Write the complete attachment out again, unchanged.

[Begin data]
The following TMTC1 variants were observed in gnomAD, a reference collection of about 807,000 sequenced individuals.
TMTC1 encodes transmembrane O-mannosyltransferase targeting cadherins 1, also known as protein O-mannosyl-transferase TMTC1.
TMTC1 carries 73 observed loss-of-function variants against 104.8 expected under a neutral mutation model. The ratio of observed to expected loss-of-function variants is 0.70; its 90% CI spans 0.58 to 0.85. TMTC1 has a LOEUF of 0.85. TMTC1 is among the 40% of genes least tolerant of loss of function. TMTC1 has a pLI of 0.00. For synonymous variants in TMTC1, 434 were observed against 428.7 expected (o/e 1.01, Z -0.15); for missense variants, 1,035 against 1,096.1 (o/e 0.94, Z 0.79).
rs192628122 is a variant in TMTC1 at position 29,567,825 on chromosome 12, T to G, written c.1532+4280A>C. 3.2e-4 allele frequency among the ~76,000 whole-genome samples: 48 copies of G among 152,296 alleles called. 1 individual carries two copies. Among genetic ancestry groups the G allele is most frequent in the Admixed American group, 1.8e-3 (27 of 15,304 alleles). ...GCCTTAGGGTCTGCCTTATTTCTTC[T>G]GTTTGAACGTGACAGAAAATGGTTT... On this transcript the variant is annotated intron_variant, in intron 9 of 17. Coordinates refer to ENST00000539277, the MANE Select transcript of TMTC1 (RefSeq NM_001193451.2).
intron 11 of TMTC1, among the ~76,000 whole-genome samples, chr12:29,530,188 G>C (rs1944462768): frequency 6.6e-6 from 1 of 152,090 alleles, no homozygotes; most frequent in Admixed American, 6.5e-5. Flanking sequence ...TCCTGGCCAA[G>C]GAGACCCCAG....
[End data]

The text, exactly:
The following TMTC1 variants were observed in gnomAD, a reference collection of about 807,000 sequenced individuals.
TMTC1 encodes transmembrane O-mannosyltransferase targeting cadherins 1, also known as protein O-mannosyl-transferase TMTC1.
TMTC1 carries 73 observed loss-of-function variants against 104.8 expected under a neutral mutation model. The ratio of observed to expected loss-of-function variants is 0.70; its 90% CI spans 0.58 to 0.85. TMTC1 has a LOEUF of 0.85. TMTC1 is among the 40% of genes least tolerant of loss of function. TMTC1 has a pLI of 0.00. For synonymous variants in TMTC1, 434 were observed against 428.7 expected (o/e 1.01, Z -0.15); for missense variants, 1,035 against 1,096.1 (o/e 0.94, Z 0.79).
rs192628122 is a variant in TMTC1 at position 29,567,825 on chromosome 12, T to G, written c.1532+4280A>C. 3.2e-4 allele frequency among the ~76,000 whole-genome samples: 48 copies of G among 152,296 alleles called. 1 individual carries two copies. Among genetic ancestry groups the G allele is most frequent in the Admixed American group, 1.8e-3 (27 of 15,304 alleles). ...GCCTTAGGGTCTGCCTTATTTCTTC[T>G]GTTTGAACGTGACAGAAAATGGTTT... On this transcript the variant is annotated intron_variant, in intron 9 of 17. Coordinates refer to ENST00000539277, the MANE Select transcript of TMTC1 (RefSeq NM_001193451.2).
intron 11 of TMTC1, among the ~76,000 whole-genome samples, chr12:29,530,188 G>C (rs1944462768): frequency 6.6e-6 from 1 of 152,090 alleles, no homozygotes; most frequent in Admixed American, 6.5e-5. Flanking sequence ...TCCTGGCCAA[G>C]GAGACCCCAG....